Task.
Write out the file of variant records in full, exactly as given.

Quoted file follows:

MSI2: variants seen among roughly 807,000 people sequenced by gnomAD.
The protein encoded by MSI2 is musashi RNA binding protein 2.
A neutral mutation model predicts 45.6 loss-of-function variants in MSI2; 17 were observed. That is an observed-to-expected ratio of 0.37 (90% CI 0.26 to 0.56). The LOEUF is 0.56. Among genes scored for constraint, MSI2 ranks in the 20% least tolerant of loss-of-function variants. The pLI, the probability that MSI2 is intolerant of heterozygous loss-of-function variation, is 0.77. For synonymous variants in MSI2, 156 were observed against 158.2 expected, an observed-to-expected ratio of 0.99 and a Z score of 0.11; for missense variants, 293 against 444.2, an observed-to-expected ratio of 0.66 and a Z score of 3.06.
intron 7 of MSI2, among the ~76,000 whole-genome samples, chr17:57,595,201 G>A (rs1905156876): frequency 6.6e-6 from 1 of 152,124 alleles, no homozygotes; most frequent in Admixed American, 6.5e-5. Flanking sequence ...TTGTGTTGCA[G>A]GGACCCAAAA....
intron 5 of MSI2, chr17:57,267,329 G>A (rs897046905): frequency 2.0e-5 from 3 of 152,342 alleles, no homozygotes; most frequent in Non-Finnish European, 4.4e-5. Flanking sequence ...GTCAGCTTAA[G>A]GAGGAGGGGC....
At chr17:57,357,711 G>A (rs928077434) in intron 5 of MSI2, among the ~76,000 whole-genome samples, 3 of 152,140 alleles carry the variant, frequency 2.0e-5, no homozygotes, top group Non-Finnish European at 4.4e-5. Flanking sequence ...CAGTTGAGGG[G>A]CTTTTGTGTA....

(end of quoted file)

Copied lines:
MSI2: variants seen among roughly 807,000 people sequenced by gnomAD.
The protein encoded by MSI2 is musashi RNA binding protein 2.
A neutral mutation model predicts 45.6 loss-of-function variants in MSI2; 17 were observed. That is an observed-to-expected ratio of 0.37 (90% CI 0.26 to 0.56). The LOEUF is 0.56. Among genes scored for constraint, MSI2 ranks in the 20% least tolerant of loss-of-function variants. The pLI, the probability that MSI2 is intolerant of heterozygous loss-of-function variation, is 0.77. For synonymous variants in MSI2, 156 were observed against 158.2 expected, an observed-to-expected ratio of 0.99 and a Z score of 0.11; for missense variants, 293 against 444.2, an observed-to-expected ratio of 0.66 and a Z score of 3.06.
intron 7 of MSI2, among the ~76,000 whole-genome samples, chr17:57,595,201 G>A (rs1905156876): frequency 6.6e-6 from 1 of 152,124 alleles, no homozygotes; most frequent in Admixed American, 6.5e-5. Flanking sequence ...TTGTGTTGCA[G>A]GGACCCAAAA....
intron 5 of MSI2, chr17:57,267,329 G>A (rs897046905): frequency 2.0e-5 from 3 of 152,342 alleles, no homozygotes; most frequent in Non-Finnish European, 4.4e-5. Flanking sequence ...GTCAGCTTAA[G>A]GAGGAGGGGC....
At chr17:57,357,711 G>A (rs928077434) in intron 5 of MSI2, among the ~76,000 whole-genome samples, 3 of 152,140 alleles carry the variant, frequency 2.0e-5, no homozygotes, top group Non-Finnish European at 4.4e-5. Flanking sequence ...CAGTTGAGGG[G>A]CTTTTGTGTA....